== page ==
What We Can Learn From The Drunk Girl Video Backlash

Screen Shot 2014-11-18 at 4.38.29 PMThere has been a great deal of buzz about the “drunk girl” video that made the rounds on the interwebs last week.

If you haven’t seen the video, it features an actress pretending to be drunk as she wanders the streets of Los Angeles looking for a bus stop. Several different creepy guys try to take her back to their place. It is the latest in a series of videos attempting to demonstrate the harassment women face on a daily basis; the first being the NYC cat-calling video, which caused its own controversy, in part because some critics said not everything shouted at the woman was “harassment” and others pointed out negative racial undertones.

Of course, last week’s “drunk girl” video went viral with women lauding the so-called “social experiment” as an example of how dangerous men can be. While outraged men fought back on Twitter using the hashtag #NotAllMen arguing that the video unfairly represented men.

BUT, THE REAL STORY IS THE AFTERMATH OF THE VIDEO FOR THE PARTICIPANTS.

See, they were all actors. Not just the “drunk girl” – but the guys who tried to take her home were also paid actors.

The actors were told they were participating in either a “student film” or a “hidden camera comedy sketch” – but the video never makes that clear.

In fact, the video, created by 20-year-old Stephen Zhang and his partner, 22-year-old Seth Leach, makes the men out to be rapists – or at the very least very bad dudes who are trying to take advantage of a young, drunk girl.

As has been reported by The Smoking Gun,

Josh Blaine, the shaggy-haired man wearing sunglasses in the video, drives a Hollywood tour bus. After friends asked him about the video,  Blaine posted to Facebook that he did “a favor for some camera crew guess this is what I get for being agreeable to someones project.” He added that, “it was supposed to be a funny skit.”

None of the actors were asked to sign waivers or contracts or anything that officially granted permission for their images to be released this way.

Another man seen at the end of the video is Mike Koshak who works as a sales rep for LA Epic, a firm that arranges nightclub crawls in Hollywood. Mike can be seen wearing the LA Epic logo on his shirt and his hat.

The logos were not blurred out.

Koshak’s boss, LA Epic owner Christine Peters, is naturally unhappy that her company’s name is now a part of this.

Mike was taken advantage of when asked to say a couple of lines for a comedy sketch. They made it seem like he was trying to take the girl home. I am very upset the firm had been dragged into it since we don’t condone such behavior.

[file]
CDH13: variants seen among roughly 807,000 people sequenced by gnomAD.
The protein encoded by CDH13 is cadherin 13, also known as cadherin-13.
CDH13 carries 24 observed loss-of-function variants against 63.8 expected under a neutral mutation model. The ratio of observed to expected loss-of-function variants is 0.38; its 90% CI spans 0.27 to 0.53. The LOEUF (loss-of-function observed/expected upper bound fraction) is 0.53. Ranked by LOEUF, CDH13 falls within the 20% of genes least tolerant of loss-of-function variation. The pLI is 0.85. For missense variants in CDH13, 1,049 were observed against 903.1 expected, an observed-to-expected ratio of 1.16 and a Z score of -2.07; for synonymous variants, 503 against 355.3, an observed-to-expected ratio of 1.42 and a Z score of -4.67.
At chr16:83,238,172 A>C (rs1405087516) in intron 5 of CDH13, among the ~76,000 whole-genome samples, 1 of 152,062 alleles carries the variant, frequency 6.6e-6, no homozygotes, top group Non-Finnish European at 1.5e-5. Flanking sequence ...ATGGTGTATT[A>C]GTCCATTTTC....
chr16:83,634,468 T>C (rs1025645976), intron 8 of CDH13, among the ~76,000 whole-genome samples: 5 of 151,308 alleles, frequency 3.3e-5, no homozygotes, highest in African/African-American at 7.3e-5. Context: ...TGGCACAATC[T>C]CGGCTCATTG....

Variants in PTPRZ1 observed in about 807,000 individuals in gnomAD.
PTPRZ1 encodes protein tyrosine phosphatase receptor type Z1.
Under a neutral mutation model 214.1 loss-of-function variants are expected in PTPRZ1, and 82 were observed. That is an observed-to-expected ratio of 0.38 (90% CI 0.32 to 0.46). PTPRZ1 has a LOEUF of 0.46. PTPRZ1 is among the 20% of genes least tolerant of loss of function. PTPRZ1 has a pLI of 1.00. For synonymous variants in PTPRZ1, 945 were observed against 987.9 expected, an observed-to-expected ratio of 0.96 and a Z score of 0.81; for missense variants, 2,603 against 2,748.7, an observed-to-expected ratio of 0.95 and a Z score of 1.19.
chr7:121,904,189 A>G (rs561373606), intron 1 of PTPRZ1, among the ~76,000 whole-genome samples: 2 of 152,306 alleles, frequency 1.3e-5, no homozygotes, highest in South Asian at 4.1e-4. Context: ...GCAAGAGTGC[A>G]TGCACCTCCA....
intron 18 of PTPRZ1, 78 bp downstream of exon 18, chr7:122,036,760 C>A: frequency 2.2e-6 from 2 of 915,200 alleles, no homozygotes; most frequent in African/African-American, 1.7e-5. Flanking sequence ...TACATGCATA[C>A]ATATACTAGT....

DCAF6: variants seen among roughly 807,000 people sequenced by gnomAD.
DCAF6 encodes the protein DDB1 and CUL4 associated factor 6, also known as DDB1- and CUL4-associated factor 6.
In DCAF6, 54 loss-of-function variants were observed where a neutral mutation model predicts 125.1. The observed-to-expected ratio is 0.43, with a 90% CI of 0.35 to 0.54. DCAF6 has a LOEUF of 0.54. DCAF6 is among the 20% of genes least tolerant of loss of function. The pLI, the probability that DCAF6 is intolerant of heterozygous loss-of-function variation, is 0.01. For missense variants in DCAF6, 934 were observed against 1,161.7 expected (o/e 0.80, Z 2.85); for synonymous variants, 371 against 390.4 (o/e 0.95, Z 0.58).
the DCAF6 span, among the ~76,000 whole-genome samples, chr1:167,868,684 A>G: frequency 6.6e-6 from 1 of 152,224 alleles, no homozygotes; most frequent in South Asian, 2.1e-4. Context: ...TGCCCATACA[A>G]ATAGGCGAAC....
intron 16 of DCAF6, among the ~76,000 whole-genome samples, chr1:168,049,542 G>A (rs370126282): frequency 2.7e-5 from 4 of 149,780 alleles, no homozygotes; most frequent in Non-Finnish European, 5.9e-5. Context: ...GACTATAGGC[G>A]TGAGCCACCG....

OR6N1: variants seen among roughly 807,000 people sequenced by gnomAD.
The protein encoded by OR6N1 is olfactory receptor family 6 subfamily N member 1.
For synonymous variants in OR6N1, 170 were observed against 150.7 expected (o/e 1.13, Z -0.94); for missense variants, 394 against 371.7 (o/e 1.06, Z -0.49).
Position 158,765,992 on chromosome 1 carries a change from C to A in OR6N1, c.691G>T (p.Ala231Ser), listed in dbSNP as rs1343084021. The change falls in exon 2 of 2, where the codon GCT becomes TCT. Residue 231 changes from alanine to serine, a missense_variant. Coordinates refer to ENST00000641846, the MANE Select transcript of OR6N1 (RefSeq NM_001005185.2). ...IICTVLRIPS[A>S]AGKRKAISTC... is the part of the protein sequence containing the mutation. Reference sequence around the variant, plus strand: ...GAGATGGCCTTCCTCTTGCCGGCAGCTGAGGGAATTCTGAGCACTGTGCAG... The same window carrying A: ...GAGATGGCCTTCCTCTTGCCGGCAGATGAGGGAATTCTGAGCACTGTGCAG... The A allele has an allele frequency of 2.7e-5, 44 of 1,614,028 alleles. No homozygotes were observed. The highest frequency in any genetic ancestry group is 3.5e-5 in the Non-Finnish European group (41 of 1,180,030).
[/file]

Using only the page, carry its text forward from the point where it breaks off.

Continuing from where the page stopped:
When Koshak emailed Zhang and Leach to complain, he was told:

The important thing to consider is that this video is going to get you well known and have a future with us and our company.”

They didn’t quite seem to get that the video has made him “well-known” as a predator – not exactly a bonus. And, that these men may not want “a future” with the company that has branded them as such.

After promising Koshak a night of free drinks, Leach said,

We are going to be huge and you are apart of it. Just go with it dude, you are in our team now and we will take care of you.

Again, not acknowledging that these men may not want to “just go with” this negative image the video created for them.

I’d also add that by not expressing any remorse for having damaged these men’s reputations or making any effort to explain their fictional roles, I highly doubt these men will indeed become “huge” as I cannot imagine anyone else willing to work with them.

In the meantime, the men in the video are considering suing Leach and Zhang for defamation and if my old college libel and defamation courses serve me right, I believe they have a case.

SO, WHAT CAN WE ALL LEARN FROM THIS?

  1. If you do create a parody or sketch or hidden camera video featuring actors, include a disclaimer at the end of the video making it clear that these were actor portrayals.
  2. If you do make “man-on-the-street” videos, blur out any logos visible on the clothing of the people you interview.
  3. Always obtain signed releases or waivers from participants that clearly detail the purpose of the video and how it will be shared (online, broadcast, internal, promotional, etc.).

Let me know your thoughts below.

One comment

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